If you look up the word "typecasting" in the dictionary, you'll find Matthew McConaughey's smirk affixed to the title " Ghosts of Girlfriends Past." Nonetheless, director Mark Waters' Lothario-learns-a-lesson comedy is better than its already sour reputation.
Riffing on "A Christmas Carol," the script concerns a caddish high-fashion photographer, played by McConaughey, who spends his days and nights lining up the femmes to be bagged and blue-binned like last week's recycling. This fast-talking snake's due for a reckoning. It is a supernatural job, arranged by the ghost of his late Uncle Wayne, played by Michael Douglas in full, misogynist Rat Pack mode. Jennifer Garner, easy to like and sharp with her timing, is the love interest, which is not the same as a rounded character. You take what you can get with the female leads in these sorts of movies.
If anyone else had played the male lead -- Daniel Day-Lewis, Liev Schreiber, Ice Cube, Cheech Marin, anyone -- "Ghosts of Girlfriends Past" might've contained an element of surprise in its key performance. McConaughey has skill (see "Dazed and Confused" for a reminder), but in commercial vehicles such as "Failure to Launch" or this one, he has difficulty separating the smarm from the charm. Twenty minutes into "Ghosts," the dread creeps in.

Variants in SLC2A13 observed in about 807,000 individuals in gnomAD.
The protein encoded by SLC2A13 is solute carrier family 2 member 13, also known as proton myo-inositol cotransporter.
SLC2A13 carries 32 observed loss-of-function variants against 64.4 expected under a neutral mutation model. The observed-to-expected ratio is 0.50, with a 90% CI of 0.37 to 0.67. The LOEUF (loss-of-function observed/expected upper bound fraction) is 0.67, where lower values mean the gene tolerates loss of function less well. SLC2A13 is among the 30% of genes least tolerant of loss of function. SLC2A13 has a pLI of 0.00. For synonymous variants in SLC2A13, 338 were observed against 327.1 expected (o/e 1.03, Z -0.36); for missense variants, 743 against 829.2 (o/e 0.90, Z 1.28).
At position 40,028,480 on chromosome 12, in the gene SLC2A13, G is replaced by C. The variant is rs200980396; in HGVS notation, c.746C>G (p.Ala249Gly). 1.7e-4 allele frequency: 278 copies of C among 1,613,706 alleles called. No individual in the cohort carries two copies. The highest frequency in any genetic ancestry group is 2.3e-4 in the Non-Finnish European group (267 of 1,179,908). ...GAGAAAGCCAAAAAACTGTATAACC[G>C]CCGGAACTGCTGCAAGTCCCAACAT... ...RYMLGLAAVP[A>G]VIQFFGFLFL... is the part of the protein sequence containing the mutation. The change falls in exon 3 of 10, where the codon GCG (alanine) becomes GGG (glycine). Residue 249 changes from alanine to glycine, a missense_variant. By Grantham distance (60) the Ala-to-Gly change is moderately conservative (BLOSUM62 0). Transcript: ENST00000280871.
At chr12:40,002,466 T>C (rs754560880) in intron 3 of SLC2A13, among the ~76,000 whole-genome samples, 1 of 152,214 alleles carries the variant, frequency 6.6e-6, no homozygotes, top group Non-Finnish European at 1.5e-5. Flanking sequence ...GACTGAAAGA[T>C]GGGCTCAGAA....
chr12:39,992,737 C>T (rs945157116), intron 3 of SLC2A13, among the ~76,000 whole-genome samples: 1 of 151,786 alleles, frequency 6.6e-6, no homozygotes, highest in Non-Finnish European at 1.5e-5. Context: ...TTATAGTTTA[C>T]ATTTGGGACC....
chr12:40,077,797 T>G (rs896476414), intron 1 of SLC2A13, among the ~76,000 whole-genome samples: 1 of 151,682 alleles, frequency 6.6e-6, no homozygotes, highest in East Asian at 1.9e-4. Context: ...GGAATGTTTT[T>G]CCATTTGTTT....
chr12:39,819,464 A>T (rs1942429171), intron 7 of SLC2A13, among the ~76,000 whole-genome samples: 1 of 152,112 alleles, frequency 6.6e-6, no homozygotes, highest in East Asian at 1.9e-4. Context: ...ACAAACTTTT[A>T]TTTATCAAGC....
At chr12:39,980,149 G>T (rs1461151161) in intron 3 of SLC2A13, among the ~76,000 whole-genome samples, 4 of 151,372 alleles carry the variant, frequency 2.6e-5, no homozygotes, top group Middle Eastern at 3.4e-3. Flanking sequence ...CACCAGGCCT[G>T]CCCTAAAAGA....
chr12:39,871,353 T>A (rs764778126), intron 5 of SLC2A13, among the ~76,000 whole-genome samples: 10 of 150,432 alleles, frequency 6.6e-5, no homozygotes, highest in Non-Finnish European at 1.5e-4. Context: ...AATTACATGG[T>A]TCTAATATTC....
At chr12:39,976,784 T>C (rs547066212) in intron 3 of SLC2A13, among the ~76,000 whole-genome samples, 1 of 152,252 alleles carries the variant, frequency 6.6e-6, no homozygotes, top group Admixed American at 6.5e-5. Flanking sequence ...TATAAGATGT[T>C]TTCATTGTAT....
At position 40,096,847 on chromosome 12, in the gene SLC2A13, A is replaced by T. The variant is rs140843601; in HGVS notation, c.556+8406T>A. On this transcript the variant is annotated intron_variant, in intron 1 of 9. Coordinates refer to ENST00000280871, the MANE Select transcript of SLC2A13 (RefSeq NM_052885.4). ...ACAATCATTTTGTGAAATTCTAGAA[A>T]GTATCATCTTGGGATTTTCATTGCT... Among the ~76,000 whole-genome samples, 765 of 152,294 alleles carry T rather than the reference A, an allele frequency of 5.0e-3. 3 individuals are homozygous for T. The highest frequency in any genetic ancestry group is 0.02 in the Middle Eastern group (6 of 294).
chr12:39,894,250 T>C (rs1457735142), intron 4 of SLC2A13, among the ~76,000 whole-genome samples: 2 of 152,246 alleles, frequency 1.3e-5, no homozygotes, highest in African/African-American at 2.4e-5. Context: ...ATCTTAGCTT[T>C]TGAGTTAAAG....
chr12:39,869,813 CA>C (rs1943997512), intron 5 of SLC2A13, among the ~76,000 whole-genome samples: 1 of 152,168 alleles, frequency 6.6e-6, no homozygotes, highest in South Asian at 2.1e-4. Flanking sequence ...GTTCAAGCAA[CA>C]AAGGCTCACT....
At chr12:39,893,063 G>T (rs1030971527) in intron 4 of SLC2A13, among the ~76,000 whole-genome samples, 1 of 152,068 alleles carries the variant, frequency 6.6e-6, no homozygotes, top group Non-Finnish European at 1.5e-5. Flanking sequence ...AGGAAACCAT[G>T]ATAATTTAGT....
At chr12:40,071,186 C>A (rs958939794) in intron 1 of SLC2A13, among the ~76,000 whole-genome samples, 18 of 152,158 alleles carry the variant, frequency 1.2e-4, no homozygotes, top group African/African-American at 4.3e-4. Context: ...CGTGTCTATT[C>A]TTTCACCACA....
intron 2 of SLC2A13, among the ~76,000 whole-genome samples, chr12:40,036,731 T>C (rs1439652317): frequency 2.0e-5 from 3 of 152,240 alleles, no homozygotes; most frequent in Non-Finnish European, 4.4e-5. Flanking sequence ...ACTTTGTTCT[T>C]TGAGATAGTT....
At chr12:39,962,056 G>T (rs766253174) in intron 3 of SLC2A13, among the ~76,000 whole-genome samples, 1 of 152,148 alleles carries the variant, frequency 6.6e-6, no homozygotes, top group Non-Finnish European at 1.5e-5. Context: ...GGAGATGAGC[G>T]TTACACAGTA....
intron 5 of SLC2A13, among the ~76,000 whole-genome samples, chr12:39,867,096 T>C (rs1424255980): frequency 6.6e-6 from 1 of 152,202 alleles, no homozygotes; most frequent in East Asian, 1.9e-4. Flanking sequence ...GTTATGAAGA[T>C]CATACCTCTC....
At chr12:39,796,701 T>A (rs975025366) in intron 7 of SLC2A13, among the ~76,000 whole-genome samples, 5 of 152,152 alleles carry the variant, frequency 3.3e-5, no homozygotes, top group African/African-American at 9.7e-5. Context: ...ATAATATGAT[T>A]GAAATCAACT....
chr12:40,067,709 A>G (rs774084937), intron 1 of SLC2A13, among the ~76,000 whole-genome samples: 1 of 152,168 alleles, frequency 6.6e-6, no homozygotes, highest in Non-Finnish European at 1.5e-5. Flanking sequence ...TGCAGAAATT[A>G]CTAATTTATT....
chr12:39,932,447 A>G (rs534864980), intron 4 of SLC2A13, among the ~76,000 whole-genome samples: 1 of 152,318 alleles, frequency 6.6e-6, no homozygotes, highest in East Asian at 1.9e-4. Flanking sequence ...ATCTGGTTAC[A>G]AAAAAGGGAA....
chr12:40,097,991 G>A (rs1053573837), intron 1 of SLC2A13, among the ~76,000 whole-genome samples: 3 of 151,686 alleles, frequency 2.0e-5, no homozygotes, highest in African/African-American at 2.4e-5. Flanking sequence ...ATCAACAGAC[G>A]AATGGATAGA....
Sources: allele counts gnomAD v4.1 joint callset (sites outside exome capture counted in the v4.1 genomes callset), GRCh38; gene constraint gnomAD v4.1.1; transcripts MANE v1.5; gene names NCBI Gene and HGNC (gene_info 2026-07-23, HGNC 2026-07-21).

Then, a minor miracle: Jon Lucas and Scott Moore, the screenwriting team that brought you "Four Christmases" (a hit, but a painful one) start bringing the funny. In a flashback Douglas nails a monologue about what he's learned about women and what he hopes to instill in his nephew. "I can't teach you algebra, or camping, or even ethics," he says. Only seduction techniques.
McConaughey approaches each new obstacle or ghostly plot development or slapstick setup as an excuse to stick to his grinning stoner's delivery, at least until the Scrooge-like thaw. Plenty of actors don't appear to be acting onscreen, yet they're thinking and acting and reacting every second. I'm not sure what McConaughey does for a living, really. I know a lot of people are mad for the guy. (I remember talking to one woman who, on the subject of "A Time to Kill," could barely form a sentence, so in lust was she.) All I can say is, despite my McConaughey resistance, I got more guilty chuckles from "Ghosts of Girlfriends Past" than "Failure to Launch" or "Four Christmases."Copyright © 2015, Los Angeles Times